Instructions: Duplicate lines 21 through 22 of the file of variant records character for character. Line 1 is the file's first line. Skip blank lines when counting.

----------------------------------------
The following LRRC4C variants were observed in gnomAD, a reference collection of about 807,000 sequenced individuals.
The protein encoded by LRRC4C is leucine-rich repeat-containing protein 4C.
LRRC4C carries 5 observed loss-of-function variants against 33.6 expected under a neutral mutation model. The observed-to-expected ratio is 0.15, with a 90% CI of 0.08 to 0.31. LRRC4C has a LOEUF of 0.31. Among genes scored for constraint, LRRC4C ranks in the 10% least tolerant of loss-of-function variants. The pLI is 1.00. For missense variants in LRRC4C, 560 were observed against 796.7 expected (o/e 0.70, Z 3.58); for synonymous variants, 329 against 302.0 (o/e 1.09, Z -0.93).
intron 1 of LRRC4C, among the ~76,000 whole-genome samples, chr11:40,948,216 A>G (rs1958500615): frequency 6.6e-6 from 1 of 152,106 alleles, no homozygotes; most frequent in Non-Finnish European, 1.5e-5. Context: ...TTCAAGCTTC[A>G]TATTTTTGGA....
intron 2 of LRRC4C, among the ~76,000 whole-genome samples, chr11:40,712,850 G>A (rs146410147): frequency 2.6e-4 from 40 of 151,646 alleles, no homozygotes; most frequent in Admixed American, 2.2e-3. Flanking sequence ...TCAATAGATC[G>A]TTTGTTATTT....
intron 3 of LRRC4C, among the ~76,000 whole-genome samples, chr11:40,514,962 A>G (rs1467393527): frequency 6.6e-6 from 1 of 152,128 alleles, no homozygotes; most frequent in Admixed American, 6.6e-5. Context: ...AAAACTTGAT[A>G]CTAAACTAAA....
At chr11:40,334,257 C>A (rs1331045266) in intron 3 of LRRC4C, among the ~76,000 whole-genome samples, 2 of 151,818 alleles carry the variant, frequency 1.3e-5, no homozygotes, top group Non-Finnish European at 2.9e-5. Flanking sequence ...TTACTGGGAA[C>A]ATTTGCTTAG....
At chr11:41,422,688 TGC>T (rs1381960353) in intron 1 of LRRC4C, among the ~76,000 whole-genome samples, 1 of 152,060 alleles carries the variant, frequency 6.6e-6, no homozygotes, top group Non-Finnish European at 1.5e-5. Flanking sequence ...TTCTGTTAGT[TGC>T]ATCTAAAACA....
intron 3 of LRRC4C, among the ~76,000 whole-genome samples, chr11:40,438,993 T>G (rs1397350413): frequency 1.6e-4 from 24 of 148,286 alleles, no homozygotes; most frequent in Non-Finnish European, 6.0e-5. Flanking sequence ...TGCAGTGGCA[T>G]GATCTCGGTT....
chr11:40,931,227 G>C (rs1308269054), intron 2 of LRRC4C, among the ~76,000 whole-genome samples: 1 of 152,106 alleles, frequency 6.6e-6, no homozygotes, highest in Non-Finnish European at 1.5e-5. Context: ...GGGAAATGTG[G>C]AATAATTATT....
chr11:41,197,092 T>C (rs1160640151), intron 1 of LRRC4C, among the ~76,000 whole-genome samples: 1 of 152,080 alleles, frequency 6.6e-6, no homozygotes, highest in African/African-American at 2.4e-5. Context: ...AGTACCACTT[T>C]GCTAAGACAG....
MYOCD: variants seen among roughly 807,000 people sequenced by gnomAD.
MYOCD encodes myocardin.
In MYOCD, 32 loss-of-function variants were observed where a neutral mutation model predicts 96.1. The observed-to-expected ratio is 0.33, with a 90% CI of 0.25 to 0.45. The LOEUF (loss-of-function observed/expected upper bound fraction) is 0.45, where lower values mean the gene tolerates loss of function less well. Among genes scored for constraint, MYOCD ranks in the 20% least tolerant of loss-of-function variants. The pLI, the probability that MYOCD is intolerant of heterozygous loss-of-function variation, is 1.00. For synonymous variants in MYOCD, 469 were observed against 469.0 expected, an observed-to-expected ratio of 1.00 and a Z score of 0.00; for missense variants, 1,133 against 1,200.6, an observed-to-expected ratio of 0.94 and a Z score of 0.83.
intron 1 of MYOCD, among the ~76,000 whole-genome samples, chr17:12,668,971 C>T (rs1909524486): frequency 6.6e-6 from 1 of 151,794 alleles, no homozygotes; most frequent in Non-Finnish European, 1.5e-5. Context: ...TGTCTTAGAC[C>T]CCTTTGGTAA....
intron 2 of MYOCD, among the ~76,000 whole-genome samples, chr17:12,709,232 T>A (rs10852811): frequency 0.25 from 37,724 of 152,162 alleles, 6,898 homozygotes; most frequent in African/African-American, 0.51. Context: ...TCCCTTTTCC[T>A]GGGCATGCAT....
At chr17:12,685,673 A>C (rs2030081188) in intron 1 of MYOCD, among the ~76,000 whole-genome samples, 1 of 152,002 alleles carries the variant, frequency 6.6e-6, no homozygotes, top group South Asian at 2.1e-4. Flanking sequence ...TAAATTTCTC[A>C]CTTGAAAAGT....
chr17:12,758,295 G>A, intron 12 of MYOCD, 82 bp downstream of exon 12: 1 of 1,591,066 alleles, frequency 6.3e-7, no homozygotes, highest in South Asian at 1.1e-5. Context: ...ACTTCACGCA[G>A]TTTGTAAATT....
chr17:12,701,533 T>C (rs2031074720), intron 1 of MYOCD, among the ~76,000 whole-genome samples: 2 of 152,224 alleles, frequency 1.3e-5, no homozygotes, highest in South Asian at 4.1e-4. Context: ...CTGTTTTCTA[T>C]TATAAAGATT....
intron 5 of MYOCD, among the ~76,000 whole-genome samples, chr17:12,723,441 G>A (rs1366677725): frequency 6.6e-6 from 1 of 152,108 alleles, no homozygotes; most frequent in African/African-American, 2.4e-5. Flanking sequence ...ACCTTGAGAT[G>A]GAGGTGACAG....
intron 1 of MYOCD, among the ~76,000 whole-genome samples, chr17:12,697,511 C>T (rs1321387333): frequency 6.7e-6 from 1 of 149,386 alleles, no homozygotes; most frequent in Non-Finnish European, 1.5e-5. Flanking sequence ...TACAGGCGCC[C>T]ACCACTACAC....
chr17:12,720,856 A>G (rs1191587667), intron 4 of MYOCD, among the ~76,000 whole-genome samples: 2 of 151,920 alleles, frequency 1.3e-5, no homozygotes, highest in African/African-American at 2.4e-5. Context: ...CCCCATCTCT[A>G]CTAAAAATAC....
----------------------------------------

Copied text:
intron 1 of MYOCD, among the ~76,000 whole-genome samples, chr17:12,697,511 C>T (rs1321387333): frequency 6.7e-6 from 1 of 149,386 alleles, no homozygotes; most frequent in Non-Finnish European, 1.5e-5. Flanking sequence ...TACAGGCGCC[C>T]ACCACTACAC....
chr17:12,720,856 A>G (rs1191587667), intron 4 of MYOCD, among the ~76,000 whole-genome samples: 2 of 151,920 alleles, frequency 1.3e-5, no homozygotes, highest in African/African-American at 2.4e-5. Context: ...CCCCATCTCT[A>G]CTAAAAATAC....